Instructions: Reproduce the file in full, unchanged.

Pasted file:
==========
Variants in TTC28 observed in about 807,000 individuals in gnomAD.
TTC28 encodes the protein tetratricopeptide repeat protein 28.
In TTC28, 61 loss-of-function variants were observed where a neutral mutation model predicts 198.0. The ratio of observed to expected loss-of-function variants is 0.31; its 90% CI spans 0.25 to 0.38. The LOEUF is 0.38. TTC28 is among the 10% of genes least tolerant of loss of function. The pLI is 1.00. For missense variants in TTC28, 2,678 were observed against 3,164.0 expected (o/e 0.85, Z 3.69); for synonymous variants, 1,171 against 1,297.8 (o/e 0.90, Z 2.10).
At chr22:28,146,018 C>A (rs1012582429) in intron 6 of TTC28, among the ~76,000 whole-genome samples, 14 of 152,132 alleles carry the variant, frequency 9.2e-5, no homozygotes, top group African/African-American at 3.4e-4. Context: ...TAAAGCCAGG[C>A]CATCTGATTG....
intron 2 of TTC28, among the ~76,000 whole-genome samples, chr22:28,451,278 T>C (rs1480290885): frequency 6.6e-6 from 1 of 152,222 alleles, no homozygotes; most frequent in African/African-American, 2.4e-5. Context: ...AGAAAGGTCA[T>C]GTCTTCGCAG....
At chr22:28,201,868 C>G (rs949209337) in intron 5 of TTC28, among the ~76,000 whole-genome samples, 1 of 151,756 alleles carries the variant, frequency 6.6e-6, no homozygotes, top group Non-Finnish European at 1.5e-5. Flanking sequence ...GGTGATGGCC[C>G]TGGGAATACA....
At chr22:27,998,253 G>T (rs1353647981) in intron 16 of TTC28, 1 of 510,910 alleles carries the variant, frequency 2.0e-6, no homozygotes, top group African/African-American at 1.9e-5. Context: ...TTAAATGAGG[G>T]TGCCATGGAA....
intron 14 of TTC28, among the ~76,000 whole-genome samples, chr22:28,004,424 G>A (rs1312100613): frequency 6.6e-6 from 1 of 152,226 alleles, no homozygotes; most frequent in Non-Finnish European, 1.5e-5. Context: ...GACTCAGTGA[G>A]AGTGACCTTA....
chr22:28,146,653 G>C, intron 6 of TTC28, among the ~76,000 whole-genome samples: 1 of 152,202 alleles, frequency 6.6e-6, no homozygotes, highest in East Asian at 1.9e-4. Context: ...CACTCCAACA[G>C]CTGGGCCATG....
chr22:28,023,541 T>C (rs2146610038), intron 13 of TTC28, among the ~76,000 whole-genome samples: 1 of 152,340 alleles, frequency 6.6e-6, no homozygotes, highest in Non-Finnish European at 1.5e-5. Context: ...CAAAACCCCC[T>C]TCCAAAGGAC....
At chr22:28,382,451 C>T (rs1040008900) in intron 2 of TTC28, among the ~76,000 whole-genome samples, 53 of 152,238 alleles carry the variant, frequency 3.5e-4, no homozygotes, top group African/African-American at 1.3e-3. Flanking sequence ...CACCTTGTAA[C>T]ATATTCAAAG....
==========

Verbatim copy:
Variants in TTC28 observed in about 807,000 individuals in gnomAD.
TTC28 encodes the protein tetratricopeptide repeat protein 28.
In TTC28, 61 loss-of-function variants were observed where a neutral mutation model predicts 198.0. The ratio of observed to expected loss-of-function variants is 0.31; its 90% CI spans 0.25 to 0.38. The LOEUF is 0.38. TTC28 is among the 10% of genes least tolerant of loss of function. The pLI is 1.00. For missense variants in TTC28, 2,678 were observed against 3,164.0 expected (o/e 0.85, Z 3.69); for synonymous variants, 1,171 against 1,297.8 (o/e 0.90, Z 2.10).
At chr22:28,146,018 C>A (rs1012582429) in intron 6 of TTC28, among the ~76,000 whole-genome samples, 14 of 152,132 alleles carry the variant, frequency 9.2e-5, no homozygotes, top group African/African-American at 3.4e-4. Context: ...TAAAGCCAGG[C>A]CATCTGATTG....
intron 2 of TTC28, among the ~76,000 whole-genome samples, chr22:28,451,278 T>C (rs1480290885): frequency 6.6e-6 from 1 of 152,222 alleles, no homozygotes; most frequent in African/African-American, 2.4e-5. Context: ...AGAAAGGTCA[T>C]GTCTTCGCAG....
At chr22:28,201,868 C>G (rs949209337) in intron 5 of TTC28, among the ~76,000 whole-genome samples, 1 of 151,756 alleles carries the variant, frequency 6.6e-6, no homozygotes, top group Non-Finnish European at 1.5e-5. Flanking sequence ...GGTGATGGCC[C>G]TGGGAATACA....
At chr22:27,998,253 G>T (rs1353647981) in intron 16 of TTC28, 1 of 510,910 alleles carries the variant, frequency 2.0e-6, no homozygotes, top group African/African-American at 1.9e-5. Context: ...TTAAATGAGG[G>T]TGCCATGGAA....
intron 14 of TTC28, among the ~76,000 whole-genome samples, chr22:28,004,424 G>A (rs1312100613): frequency 6.6e-6 from 1 of 152,226 alleles, no homozygotes; most frequent in Non-Finnish European, 1.5e-5. Context: ...GACTCAGTGA[G>A]AGTGACCTTA....
chr22:28,146,653 G>C, intron 6 of TTC28, among the ~76,000 whole-genome samples: 1 of 152,202 alleles, frequency 6.6e-6, no homozygotes, highest in East Asian at 1.9e-4. Context: ...CACTCCAACA[G>C]CTGGGCCATG....
chr22:28,023,541 T>C (rs2146610038), intron 13 of TTC28, among the ~76,000 whole-genome samples: 1 of 152,340 alleles, frequency 6.6e-6, no homozygotes, highest in Non-Finnish European at 1.5e-5. Context: ...CAAAACCCCC[T>C]TCCAAAGGAC....
At chr22:28,382,451 C>T (rs1040008900) in intron 2 of TTC28, among the ~76,000 whole-genome samples, 53 of 152,238 alleles carry the variant, frequency 3.5e-4, no homozygotes, top group African/African-American at 1.3e-3. Flanking sequence ...CACCTTGTAA[C>T]ATATTCAAAG....